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E-monograph Series. No. 18

Joining the Dots: Continuous Survey, Routine Practice and the Interpretation of a Cypriot Landscape (with interactive GIS and integrated data archive) Open Data

Michael Given, Hugh Corley and Luke Sollars

All: Department of Archaeology, University of Glasgow, G12 8QQ Scotland.
Email: m.given@archaeology.arts.gla.ac.uk, h.corley@inbox.com, luke-62@bigfoot.com

Cite this as: M. Given et al. 2007 'Joining the Dots: Continuous Survey, Routine Practice and the Interpretation of a Cypriot Landscape (with interactive GIS and integrated data archive)', Internet Archaeology 20. http://dx.doi.org/10.11141/ia.20.4

Summary

One of the major challenges facing intensive surface survey, even after some 30 years of development, is how to interpret surface artefact scatters in terms of past human activities and relationships. How can we combine the wealth of systematically collected survey data with the interpretative sophistication of contemporary landscape theory? This study uses web-based GIS and database technologies to provide a complete landscape data set and a fully integrated interpretative text carefully grounded in current landscape theory.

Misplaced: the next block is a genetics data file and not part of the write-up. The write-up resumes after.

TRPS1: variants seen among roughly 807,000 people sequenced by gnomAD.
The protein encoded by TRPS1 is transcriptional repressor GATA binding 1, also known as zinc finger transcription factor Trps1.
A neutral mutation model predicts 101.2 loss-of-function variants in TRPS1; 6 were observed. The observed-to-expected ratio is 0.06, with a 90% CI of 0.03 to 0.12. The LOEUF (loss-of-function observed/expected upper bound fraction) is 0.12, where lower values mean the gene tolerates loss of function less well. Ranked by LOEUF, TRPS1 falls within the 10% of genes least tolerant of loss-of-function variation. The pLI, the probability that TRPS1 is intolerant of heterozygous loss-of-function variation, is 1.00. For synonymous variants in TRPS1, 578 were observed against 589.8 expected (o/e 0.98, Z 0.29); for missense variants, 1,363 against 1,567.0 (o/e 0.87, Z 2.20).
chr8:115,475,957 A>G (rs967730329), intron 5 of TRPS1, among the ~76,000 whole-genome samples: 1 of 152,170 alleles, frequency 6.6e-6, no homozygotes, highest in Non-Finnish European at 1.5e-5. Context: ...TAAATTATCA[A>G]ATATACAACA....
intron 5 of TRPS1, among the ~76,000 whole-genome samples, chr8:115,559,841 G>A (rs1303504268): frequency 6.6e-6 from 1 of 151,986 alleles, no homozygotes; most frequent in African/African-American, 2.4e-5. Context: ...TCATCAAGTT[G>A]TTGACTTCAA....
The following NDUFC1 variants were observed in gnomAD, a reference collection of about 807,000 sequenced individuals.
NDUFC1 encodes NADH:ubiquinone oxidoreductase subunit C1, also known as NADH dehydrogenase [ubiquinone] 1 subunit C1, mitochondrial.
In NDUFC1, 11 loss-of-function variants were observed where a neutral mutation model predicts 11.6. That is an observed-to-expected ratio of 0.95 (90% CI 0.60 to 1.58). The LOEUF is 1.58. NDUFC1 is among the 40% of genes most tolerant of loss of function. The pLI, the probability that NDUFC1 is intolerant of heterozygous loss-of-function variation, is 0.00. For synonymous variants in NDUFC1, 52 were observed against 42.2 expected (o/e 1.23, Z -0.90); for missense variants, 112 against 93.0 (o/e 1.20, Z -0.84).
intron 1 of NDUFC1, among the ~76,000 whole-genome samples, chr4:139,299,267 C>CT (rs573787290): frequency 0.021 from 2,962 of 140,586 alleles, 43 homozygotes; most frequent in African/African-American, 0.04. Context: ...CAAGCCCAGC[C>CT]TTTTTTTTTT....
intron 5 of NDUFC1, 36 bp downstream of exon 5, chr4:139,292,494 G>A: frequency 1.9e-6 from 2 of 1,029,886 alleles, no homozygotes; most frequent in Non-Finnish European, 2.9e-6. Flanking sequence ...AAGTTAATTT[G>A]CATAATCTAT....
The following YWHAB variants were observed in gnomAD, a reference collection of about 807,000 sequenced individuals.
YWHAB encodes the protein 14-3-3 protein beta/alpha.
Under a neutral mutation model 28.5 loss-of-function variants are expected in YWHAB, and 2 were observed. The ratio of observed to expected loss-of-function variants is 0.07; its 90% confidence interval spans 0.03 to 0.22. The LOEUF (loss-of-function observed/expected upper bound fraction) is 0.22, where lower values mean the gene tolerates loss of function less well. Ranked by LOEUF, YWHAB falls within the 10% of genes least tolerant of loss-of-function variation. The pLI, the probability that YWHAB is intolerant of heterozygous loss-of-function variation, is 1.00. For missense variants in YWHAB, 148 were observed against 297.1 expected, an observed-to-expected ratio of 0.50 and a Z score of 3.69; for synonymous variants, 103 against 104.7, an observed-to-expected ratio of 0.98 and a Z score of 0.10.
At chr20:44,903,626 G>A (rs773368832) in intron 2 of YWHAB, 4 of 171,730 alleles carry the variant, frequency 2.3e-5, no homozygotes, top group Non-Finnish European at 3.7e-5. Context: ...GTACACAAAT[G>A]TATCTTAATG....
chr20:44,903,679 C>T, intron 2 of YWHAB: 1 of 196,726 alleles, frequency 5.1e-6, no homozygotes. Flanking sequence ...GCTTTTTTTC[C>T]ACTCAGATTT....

Composite image from fieldwalking and survey from the project

The material comes from the Troodos Archaeological and Environmental Survey Project, which carried out intensive survey in the northern foothills of the Troodos Mountains in central Cyprus between 2000 and 2004. This survey covered all periods from the Neolithic to the present day, a wide range of topographical and environmental contexts, and a broad spectrum of disciplinary and interdisciplinary expertise. In this study we focus on some core themes, particularly the relationship between farming and mining, the control of production, and the spatial differentiation of human activity across the landscape. By interpreting the material traces of routine practices such as labour and subsistence, we attempt to reconstruct social landscapes of the past.

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Preparation of this electronic publication and associated archive was assisted by a grant from the AHRC under the ICT Strategy programme.

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